House of the Rising Sun

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The House of the Rising Sun was a smash hit for the Animals in the 1960s. But long before the tune it was based on had been a traditional folk song, sometimes called Rising Sun Blues.

The song tells of a life gone wrong in New Orleans, due, apparently to an addiction to gambling. Many versions also urge a sibling or parents and children to avoid the same fate.

The most successful commercial version, recorded in 1964 by British rock group The Animals, was a number one hit in the UK, the United States and France. It has been described as the “first folk rock hit”.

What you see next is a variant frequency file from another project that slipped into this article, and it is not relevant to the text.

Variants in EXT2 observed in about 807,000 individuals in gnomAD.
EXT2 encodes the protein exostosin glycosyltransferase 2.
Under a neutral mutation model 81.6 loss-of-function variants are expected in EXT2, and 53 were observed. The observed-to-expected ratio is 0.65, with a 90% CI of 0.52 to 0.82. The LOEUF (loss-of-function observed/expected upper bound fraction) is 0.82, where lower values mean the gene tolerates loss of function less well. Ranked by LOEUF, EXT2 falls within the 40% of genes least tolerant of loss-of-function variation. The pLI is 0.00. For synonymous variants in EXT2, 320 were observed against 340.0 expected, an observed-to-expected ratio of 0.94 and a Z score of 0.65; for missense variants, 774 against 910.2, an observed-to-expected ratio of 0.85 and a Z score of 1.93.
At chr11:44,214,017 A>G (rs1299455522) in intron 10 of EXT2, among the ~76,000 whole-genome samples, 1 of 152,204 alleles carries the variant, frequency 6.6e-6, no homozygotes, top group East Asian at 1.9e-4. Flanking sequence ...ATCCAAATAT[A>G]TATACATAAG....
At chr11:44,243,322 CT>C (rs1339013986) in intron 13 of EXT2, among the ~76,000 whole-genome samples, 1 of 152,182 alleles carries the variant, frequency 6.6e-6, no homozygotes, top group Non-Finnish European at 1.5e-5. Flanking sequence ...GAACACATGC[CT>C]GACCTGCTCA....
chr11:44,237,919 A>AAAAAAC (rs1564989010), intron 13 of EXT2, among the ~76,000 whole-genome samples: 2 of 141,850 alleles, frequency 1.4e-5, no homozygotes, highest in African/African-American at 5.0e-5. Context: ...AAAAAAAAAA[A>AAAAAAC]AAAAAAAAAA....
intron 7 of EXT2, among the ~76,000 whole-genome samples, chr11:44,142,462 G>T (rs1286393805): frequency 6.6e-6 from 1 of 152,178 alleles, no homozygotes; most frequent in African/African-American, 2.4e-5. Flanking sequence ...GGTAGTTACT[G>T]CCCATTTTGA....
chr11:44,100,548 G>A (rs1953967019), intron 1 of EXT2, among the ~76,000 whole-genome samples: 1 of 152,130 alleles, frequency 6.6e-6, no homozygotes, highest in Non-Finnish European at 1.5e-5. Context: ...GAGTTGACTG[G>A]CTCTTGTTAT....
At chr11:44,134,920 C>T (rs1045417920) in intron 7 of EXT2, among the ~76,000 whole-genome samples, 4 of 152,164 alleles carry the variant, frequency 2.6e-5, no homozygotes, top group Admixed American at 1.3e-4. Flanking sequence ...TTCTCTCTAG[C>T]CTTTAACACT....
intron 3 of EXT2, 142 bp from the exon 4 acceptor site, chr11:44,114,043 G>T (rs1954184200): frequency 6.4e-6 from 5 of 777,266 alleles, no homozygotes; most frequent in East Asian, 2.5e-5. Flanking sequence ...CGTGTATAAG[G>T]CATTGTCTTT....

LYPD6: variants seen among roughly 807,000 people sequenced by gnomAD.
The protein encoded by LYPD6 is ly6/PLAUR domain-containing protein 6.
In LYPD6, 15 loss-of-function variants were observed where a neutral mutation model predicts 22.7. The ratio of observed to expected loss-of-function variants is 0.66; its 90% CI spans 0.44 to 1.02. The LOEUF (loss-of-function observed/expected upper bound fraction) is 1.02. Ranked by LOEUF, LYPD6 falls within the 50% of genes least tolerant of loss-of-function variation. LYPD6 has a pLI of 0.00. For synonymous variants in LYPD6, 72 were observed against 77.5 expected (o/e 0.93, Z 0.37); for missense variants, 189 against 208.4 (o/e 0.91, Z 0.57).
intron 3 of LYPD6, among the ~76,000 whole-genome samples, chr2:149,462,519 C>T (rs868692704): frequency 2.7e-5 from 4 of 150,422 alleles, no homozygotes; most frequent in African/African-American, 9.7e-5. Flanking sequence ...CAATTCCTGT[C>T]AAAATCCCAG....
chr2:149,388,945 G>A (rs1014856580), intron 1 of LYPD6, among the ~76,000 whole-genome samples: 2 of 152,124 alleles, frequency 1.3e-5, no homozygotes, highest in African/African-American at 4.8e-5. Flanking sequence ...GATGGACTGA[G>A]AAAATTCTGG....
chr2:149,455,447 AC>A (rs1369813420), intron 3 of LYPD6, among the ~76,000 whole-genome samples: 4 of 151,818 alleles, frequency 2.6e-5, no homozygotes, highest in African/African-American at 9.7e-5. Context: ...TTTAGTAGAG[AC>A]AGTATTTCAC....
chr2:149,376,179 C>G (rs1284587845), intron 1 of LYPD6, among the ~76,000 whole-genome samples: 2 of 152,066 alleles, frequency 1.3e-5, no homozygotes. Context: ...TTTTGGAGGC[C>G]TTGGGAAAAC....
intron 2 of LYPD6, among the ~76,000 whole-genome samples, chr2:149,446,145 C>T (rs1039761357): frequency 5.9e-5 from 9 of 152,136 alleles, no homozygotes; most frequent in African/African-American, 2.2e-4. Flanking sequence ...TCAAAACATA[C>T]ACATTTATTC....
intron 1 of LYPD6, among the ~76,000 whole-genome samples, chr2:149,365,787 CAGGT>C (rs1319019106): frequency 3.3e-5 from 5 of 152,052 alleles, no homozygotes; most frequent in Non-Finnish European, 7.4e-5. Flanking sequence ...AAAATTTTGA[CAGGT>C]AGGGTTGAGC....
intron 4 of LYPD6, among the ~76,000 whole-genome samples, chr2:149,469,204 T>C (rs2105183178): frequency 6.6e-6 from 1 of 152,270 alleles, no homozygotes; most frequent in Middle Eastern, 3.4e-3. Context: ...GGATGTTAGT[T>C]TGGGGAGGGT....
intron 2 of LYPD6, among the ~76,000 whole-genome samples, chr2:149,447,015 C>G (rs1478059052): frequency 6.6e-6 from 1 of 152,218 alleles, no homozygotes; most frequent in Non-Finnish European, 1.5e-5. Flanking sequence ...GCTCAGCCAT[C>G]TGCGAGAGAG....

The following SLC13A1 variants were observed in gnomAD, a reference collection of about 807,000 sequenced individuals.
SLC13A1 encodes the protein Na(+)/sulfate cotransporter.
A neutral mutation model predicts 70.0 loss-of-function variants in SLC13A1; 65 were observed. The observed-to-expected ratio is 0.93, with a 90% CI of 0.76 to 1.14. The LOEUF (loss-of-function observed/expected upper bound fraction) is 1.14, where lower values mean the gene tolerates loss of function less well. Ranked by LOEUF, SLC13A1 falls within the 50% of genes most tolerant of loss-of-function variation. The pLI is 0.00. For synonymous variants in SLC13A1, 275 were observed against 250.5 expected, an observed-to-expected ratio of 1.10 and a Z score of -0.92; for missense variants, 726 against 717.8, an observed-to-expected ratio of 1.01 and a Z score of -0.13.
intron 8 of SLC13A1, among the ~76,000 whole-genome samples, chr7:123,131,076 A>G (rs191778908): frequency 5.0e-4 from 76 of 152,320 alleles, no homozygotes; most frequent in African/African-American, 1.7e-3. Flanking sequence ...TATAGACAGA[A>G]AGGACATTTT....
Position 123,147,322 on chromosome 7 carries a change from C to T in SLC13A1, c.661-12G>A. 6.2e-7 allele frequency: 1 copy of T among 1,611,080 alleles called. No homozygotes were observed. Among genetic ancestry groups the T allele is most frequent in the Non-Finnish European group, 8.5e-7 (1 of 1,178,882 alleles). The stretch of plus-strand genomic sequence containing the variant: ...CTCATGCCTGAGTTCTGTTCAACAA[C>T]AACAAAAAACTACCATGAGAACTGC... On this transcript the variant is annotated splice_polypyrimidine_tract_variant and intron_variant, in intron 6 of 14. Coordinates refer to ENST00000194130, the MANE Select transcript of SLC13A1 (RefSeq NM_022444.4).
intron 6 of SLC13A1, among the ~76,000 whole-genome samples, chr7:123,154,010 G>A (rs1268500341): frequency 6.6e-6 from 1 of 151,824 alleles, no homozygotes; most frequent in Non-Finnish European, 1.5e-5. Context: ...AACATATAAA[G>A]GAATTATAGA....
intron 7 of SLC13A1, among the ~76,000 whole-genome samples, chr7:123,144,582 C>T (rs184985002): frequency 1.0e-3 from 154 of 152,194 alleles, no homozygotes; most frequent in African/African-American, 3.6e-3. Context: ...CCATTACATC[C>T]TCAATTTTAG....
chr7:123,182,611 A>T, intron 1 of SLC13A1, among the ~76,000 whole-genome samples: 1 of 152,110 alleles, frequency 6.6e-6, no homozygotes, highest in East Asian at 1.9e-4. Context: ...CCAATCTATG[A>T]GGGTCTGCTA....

Some have suggested that the “Rising Sun” has its origin in the sunburst insignia used by Louis XIV of France. New Orleans was a French port in its early days, before being sold to the United States in 1803.

The Animals version refers to “many a poor boy”. But earlier versions speak of “many a poor girl”. Even the the recording done by Bob Dylan in 1961 refers to “many a poor girl”. Earlier recordings had been done by Woody Guthrie and Leadbelly.

The song was thus transformed from a lament about girls gone bad in bawdy houses to boys (or men) gone bad in gambling houses.

Eric Burdon of the Animals claimed in an interview  that he first heard the song in a club in England, where it was sung by the  folk singer Johnny Handle.  The Animals were on tour with Chuck Berry and chose the song because they thought it sounded distinctive and memorable.

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